Writer: Simon Stephens
Director: Ross Gaynor
Simon Stephens writes a tale of redemption following character Jamie Carris over 30 years, and the impulsive decisions he makes during the course of his life. We first meet Jamie at 19, with his first and only love, Lynsey. Then again at 29, while he is incarcerated. Jamie’s brother, Matty, visits him there; and finally, at age 39, where we empathise with a remorseful Jamie, attempting to reconcile with his estranged daughter, Emma.
At first we meet a young Jamie (John Cronin), a man of low socio-economic background and limited life choices, in a car on the run from the police. We are introduced to his girlfriend Lynsey (Ciara Ivie) who we quickly come to realise, is fed up with Jamie’s volatility and violence. Jamie quickly makes the audience aware he is on the run for killing a man, and that Lynsey MUST stay with him. Cronin delivers this all at high volume and similar intensity; it is scarcely believable he will have anywhere to go beyond that for the remainder of the show.
Ivie and Cronin’s chemistry is undeniable. Ivie pushes back against Cronin with emotion and intensity, and it is always a pleasure to see women take up space with the same ferocity and gusto as their male counterparts. Though Lynsey is a meek character, Ivie does not play her with weakness. Given a variety of emotions to portray, Ivie uses her body and facial expressions to express her emotional journey to the audience.
The small theatre packed to the brim with tables overflowing, was silent during this opening scene. There was scarcely enough room to move your chair, let alone stretch out. An outstanding crowd for the opening preview night! I was however, apprehensive, as starting a play with so much loud intensity can often leave one wanting. In moving through time with Jamie, we meet his brother Matty (Callan Cummins) who visits him in prison. Cummins made big efforts to portray his character Matty’s awkwardness.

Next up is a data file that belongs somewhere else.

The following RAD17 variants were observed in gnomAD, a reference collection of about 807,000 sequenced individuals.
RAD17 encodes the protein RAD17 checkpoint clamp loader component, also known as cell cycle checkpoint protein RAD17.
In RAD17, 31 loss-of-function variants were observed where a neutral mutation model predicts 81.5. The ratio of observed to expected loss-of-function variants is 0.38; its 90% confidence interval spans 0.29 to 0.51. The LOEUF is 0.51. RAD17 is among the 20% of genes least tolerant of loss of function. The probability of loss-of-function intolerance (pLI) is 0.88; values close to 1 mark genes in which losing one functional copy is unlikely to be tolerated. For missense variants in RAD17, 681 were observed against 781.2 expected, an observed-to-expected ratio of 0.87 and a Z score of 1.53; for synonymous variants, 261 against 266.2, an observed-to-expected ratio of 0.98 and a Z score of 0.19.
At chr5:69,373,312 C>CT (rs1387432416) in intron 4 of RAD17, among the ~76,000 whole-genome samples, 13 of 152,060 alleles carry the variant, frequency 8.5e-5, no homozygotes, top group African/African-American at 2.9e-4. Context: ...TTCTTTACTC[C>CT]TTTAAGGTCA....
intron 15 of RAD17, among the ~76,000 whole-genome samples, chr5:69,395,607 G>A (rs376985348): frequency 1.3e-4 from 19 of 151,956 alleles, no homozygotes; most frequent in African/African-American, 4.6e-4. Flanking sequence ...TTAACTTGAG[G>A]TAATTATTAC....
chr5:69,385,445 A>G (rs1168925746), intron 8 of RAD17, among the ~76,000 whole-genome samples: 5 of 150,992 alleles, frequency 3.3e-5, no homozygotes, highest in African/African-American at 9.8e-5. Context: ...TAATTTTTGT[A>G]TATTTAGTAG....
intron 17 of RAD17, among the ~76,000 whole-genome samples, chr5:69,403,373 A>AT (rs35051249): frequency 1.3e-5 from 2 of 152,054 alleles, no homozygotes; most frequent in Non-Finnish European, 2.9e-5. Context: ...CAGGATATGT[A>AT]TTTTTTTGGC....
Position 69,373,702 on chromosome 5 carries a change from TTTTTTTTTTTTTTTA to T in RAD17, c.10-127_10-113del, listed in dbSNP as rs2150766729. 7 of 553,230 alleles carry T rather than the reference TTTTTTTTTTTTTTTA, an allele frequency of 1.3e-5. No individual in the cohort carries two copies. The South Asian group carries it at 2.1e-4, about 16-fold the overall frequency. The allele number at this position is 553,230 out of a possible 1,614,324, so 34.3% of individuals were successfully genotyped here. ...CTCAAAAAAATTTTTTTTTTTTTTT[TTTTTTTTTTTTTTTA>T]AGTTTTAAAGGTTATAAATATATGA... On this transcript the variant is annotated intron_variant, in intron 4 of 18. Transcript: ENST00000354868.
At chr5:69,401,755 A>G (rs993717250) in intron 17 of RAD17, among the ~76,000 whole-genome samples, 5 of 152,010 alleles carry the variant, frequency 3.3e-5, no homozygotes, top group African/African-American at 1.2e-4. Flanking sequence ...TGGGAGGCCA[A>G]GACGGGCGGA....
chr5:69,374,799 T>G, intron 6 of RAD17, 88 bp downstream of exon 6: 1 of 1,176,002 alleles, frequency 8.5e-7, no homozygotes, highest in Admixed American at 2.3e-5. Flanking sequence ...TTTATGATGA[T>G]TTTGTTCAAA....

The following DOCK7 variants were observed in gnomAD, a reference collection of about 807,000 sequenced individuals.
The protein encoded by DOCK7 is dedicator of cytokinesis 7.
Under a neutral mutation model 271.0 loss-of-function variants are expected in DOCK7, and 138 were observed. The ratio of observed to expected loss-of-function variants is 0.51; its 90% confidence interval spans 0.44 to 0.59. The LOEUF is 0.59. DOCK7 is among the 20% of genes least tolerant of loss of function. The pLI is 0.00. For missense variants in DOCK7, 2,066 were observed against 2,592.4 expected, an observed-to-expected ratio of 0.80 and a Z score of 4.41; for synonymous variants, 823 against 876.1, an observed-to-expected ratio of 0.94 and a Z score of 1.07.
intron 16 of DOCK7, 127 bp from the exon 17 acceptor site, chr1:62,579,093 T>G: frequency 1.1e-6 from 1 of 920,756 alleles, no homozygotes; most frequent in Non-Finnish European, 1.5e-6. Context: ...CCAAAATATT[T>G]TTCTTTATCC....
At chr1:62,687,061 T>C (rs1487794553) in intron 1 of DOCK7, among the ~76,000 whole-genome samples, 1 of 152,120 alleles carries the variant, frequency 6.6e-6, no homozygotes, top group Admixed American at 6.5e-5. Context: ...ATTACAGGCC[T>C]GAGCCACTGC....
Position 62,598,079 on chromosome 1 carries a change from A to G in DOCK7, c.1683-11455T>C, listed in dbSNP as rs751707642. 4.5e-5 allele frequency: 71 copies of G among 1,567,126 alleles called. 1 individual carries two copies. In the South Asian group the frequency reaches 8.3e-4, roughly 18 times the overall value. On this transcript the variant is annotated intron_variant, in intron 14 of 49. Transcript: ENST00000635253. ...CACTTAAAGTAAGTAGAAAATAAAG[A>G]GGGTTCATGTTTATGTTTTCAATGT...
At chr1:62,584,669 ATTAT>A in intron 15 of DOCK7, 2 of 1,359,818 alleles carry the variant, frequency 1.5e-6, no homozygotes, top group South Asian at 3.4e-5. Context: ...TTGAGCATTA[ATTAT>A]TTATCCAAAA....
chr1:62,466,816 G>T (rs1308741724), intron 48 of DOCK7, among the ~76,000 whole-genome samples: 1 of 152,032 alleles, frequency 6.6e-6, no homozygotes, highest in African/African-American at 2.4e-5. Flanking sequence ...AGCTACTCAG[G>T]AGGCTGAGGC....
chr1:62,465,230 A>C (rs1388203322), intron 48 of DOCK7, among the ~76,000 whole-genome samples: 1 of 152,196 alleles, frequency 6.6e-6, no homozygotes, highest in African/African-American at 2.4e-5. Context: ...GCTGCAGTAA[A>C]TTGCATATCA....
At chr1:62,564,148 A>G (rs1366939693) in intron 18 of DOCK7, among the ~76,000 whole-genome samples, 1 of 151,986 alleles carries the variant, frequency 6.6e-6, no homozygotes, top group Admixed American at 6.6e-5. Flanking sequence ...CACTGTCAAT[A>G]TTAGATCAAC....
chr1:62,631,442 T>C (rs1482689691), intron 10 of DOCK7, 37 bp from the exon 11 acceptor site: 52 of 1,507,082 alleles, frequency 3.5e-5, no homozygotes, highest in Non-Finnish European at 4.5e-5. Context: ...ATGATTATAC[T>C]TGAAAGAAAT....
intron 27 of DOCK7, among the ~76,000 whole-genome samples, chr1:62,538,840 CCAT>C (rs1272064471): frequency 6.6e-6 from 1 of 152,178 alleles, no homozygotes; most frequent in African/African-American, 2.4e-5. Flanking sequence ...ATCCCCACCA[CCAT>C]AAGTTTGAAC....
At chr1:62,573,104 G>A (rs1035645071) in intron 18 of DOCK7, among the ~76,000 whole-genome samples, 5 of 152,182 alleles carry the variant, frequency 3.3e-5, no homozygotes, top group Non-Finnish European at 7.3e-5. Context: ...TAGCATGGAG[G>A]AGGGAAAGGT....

Stephen’s plays are full of good dialogue that require a lot of an actor as character’s like Jamie’s are presented as complex, tortured beings. Cronin seemed to start off with volume and intensity then fades off during the next 30 minutes. Perhaps this was a deliberate character choice, but I felt it left the other cast members to bring more energy towards the scene and ultimately I was not fully drawn in and absorbed by the action on stage. However later, with daughter Emma (Pattie Maguire), there was a noticeable and distinct change. Cronin softened and let us in more, showing us some genuine emotion as the play came to its end.
At Country Music’s close, the audience were left wanting and somewhat disappointed that the obvious talent and range from the cast was not fully drawn out, resulting in lack-lustre performances. However, I must say director, Ross Gaynor, does a fantastic job of ‘Irish-izing’ this London set play. Had you not known the play previously you would assume it is set and written for a Dublin / Belfast based audience.
Runs Until 2nd March 2024.